Carlton Brick
20002021

Research activity per year

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Personal profile

Overview

I Joined UWS in 2003 as a lecturer in sociology. Before becoming a full time academic  I have had a varied and wide ranging employment history, including amongst others, civil servant, and sports journalist.

Prior to joining UWS I was Post-Doctoral Research Fellow in Social & Cultural Studies of Sport & Leisure,School of Life & Sport Sciences, University of Surrey Roehampton, where I completed my PHD in 2002. My particular areas of expertise and academic interest are broadly drawn from fields of sociology of leisure, identity and consumption, and social theory. I have published widely on these subjects in a number of different academic (and non-academic) publications, and media platforms.

 

Area of academic expertise - outline

My research is driven by an interest in the relationships between culture, society, identity and the individual. I am particularly interested in the intersections of identity, memory and place. Key areas of interest, expertise and research which have developed key outputs include celebrity; sport and leisure; popular culture; and authenticity and new media.

In the recent period my main research focus has been guided an interest in role and impact of cultural memory in the redesign and regeneration of urban spaces – culture and heritage have become central features of urban regeneration policies as urban spaces seek to reposition themselves within increasingly post-industrial service led globalised economies.

Recent Research Activity

2012 -2017: Collaborative project with colleagues in the Department of Humanities, Dun Laoghaire Institute of Art, Design and Technology - on the critical analysis of urban regeneration strategies and identity within post- industrial contexts. Multidisciplinary in its approach – drawing on analytical and conceptual techniques from sociology, psychoanalysis, film studies and tourism studies; and international in scope, the project explored the cultural and policy imaginings of post- industrial urban space within contemporary Scottish and Irish contexts. The project had a particular focus upon the discursive construction of ‘creativity’ and the ‘creative’ as a form of (de) politicised ‘moral’ differentiation, within narratives of urban regeneration. The collaboration produced a number of key outputs, including conference papers and peer reviewed articles.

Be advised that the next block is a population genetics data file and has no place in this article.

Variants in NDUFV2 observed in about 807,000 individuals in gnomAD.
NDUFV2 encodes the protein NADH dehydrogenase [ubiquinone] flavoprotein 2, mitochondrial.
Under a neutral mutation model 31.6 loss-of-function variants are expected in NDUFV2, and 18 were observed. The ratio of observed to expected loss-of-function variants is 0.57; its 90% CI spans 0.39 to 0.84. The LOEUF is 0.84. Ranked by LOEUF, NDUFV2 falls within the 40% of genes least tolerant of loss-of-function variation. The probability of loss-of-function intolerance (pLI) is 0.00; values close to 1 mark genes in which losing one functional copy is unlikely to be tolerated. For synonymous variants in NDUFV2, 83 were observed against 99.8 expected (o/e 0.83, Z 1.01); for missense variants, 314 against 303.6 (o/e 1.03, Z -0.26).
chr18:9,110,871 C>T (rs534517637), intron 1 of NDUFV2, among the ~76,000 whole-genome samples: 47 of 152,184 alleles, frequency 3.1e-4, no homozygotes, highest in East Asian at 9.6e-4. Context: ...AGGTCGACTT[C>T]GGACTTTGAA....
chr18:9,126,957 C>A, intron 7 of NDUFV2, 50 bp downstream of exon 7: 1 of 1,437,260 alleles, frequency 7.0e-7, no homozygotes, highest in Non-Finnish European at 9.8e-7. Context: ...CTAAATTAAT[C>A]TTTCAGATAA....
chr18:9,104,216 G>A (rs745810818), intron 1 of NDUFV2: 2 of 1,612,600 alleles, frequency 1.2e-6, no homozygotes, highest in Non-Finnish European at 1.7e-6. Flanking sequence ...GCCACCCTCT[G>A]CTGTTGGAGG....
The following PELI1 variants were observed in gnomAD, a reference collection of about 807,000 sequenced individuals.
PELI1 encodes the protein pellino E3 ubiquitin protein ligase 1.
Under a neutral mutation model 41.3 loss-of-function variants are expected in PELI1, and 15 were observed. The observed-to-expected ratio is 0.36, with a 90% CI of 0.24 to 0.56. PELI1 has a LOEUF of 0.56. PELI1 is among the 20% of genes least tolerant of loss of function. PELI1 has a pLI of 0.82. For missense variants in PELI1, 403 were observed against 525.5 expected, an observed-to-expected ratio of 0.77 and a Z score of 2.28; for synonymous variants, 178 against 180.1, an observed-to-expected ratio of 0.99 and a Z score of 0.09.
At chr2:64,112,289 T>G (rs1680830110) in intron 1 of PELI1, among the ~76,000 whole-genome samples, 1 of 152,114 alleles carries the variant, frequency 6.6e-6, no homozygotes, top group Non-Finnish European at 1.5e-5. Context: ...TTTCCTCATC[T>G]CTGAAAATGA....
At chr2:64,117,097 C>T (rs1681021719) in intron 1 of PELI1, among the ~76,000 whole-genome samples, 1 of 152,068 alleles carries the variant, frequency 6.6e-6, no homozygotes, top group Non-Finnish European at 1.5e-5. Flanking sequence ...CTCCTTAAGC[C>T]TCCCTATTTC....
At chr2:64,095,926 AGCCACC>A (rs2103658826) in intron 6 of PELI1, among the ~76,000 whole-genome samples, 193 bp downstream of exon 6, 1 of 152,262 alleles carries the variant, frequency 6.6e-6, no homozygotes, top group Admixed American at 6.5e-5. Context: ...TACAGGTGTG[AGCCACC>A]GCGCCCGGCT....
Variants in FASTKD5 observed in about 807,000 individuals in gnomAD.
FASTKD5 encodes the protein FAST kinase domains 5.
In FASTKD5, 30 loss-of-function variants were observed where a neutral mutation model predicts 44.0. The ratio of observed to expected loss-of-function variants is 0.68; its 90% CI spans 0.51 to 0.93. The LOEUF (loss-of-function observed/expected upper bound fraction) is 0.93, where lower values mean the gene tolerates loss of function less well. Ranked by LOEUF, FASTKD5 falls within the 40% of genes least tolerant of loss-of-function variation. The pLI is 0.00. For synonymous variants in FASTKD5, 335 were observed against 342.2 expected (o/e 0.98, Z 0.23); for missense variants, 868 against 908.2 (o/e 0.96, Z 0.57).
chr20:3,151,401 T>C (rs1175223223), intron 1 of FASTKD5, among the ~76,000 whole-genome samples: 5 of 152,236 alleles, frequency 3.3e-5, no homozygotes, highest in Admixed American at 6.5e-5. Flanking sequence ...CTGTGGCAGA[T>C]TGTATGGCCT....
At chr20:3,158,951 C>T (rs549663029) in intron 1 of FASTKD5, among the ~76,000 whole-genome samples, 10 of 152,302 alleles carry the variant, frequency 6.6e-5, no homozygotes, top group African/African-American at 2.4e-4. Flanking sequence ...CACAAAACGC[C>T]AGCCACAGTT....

2017: Renfrewshire Council ‘Streetwise’ evaluation – assessing selected anti-poverty initiatives in and around the Paisley area as part of their ‘Tackling poverty Commission’ (formed in 2014).  The evaluation comprised a series of qualitative research interventions at three primary school’s morning clubs; and the ‘Streetstuff’ initiative.

The morning clubs consisted of providing breakfast for children, sports coaches delivering health and well-being activities three mornings per week and teachers providing literacy and educational development two mornings per week.  The funding provided was to allow teachers and teaching assistant’s engagement with the morning club and extra staff to help within the school. The additional resources were hoped to link to improving learning and health and well-being of the children. The delivery of the programme differed from school to school especially in terms of resources and staffing. An analysis of the limited sample of morning clubs is provided below, discussing the types of intervention and the impact of that on the children, families and school life.